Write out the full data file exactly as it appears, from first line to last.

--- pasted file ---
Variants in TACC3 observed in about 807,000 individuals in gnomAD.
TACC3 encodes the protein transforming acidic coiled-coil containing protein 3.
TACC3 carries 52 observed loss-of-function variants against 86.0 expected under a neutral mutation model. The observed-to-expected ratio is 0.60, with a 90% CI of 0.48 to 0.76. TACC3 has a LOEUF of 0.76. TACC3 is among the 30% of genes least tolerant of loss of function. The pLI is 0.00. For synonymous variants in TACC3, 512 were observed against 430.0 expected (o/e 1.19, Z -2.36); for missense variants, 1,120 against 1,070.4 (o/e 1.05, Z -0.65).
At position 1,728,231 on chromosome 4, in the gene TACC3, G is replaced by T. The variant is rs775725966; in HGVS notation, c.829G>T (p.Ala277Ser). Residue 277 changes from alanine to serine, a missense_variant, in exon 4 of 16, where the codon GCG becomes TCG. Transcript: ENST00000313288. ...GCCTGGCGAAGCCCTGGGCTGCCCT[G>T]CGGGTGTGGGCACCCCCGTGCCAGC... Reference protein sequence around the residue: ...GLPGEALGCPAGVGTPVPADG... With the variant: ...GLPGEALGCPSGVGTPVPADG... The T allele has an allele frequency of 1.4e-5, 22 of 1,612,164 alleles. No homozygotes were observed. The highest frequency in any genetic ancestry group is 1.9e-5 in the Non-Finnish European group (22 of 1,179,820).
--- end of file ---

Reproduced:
Variants in TACC3 observed in about 807,000 individuals in gnomAD.
TACC3 encodes the protein transforming acidic coiled-coil containing protein 3.
TACC3 carries 52 observed loss-of-function variants against 86.0 expected under a neutral mutation model. The observed-to-expected ratio is 0.60, with a 90% CI of 0.48 to 0.76. TACC3 has a LOEUF of 0.76. TACC3 is among the 30% of genes least tolerant of loss of function. The pLI is 0.00. For synonymous variants in TACC3, 512 were observed against 430.0 expected (o/e 1.19, Z -2.36); for missense variants, 1,120 against 1,070.4 (o/e 1.05, Z -0.65).
At position 1,728,231 on chromosome 4, in the gene TACC3, G is replaced by T. The variant is rs775725966; in HGVS notation, c.829G>T (p.Ala277Ser). Residue 277 changes from alanine to serine, a missense_variant, in exon 4 of 16, where the codon GCG becomes TCG. Transcript: ENST00000313288. ...GCCTGGCGAAGCCCTGGGCTGCCCT[G>T]CGGGTGTGGGCACCCCCGTGCCAGC... Reference protein sequence around the residue: ...GLPGEALGCPAGVGTPVPADG... With the variant: ...GLPGEALGCPSGVGTPVPADG... The T allele has an allele frequency of 1.4e-5, 22 of 1,612,164 alleles. No homozygotes were observed. The highest frequency in any genetic ancestry group is 1.9e-5 in the Non-Finnish European group (22 of 1,179,820).